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Navigating Teenage Addiction During the COVID-19 Pandemic

James J. Crist, Ph.D., is the author of several self-help books, including “What’s the Big Deal About Addictions? Answers and Help for Teens.” He also has a practice and is trained in child, adolescent, and adult psychotherapy. 

With his first self-help book publishing in 1996, Crist has been following trends in adolescent mental health for decades. “The way I do it is that if I see a need among the people I’m working with, I can’t find a good self-help book on the market, and I think I could do a good job, I write it myself,” he says. “That’s what motivates me.”

Crist works with people of all ages, but several of his books tackle issues faced by kids and teenagers, and he offers advice for parents looking to better understand their children. “They have had fewer years to develop bad habits,” Crist says. “And so by working with teens and kids as well as their parents, my hope is that moving forward, we can actually avoid some of the problems that they might experience as adults.”

The pandemic effect

Teenagers, like most of the population, have been in crises during the COVID-19 pandemic. Socially, they are now cut off from their peers, and they’ve often had to turn to online resources to socialize and destress. Increased isolation and online schooling are added stress factors, and as such, there is an increased risk of addictive behaviors. 

According to Crist, this includes not only substance abuse, but also addictions to social media and gaming. “For kids and teenagers in particular, their social life is everything. And while social media and online gaming has been somewhat helpful, it’s no substitute for just being able to hang out with people in person,” he says. “One of the things we know about addictions is that addictions are often attempts to self-medicate underlying problems such as anxiety, depression, and even ADHD. I think that’s what’s happening is that people are trying to escape the unpleasantness of the current situation, and that’s why they’ve had more trouble with addictions.”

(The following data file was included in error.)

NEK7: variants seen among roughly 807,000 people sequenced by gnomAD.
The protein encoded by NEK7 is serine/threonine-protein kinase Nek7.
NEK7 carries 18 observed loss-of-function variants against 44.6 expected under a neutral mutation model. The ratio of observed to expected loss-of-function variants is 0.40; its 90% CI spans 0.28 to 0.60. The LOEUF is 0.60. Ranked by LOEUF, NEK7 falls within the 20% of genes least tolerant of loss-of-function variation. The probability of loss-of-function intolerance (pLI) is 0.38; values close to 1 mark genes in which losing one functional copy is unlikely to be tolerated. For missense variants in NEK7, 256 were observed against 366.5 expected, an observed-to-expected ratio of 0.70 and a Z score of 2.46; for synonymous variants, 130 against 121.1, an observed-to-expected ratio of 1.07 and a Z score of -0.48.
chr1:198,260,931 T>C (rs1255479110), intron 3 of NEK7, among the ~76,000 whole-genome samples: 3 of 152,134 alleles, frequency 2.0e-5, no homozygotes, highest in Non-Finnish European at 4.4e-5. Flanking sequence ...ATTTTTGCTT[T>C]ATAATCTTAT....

When it comes to self-medicating, Crist notes that this can manifest via the use of drugs like alcohol and marijuana, or through an over dependence on online activities like gaming, but he also emphasizes that at the end of the day, children and teenagers resort to addictive behaviors because they help, at least in the short term. 

“I think it’s important to respect that [addictive behaviors] are an attempt to solve a problem,” he says. 

Cast a line

Teenagers aren’t always equipped to respond to depression or anxiety in healthy ways, so it’s important for parents to open a line of communication with their children and support healthy methods of processing emotions. 

“It’s really important for parents to always maintain a positive relationship with their kids,” Crist says. “Even if you haveto set limits or impose some sort of restriction, to be able to do it in a loving way as opposed to a punitive way is essential. Most people don’t learn well by being punished. We say that punishments is the least effective form of discipline because it usually just creates anger and resentment.” 

Crist also recommends parents check out Love and Logic to learn more about navigating disciplining children through loving and communicative ways without resorting to punitive teaching styles.  

There are also several online resources for teenagers struggling with addiction, as well as for parents looking for help. The National Institute of Drug Abuse for Teens, as well as the National Association for Children of Addiction are two such examples.

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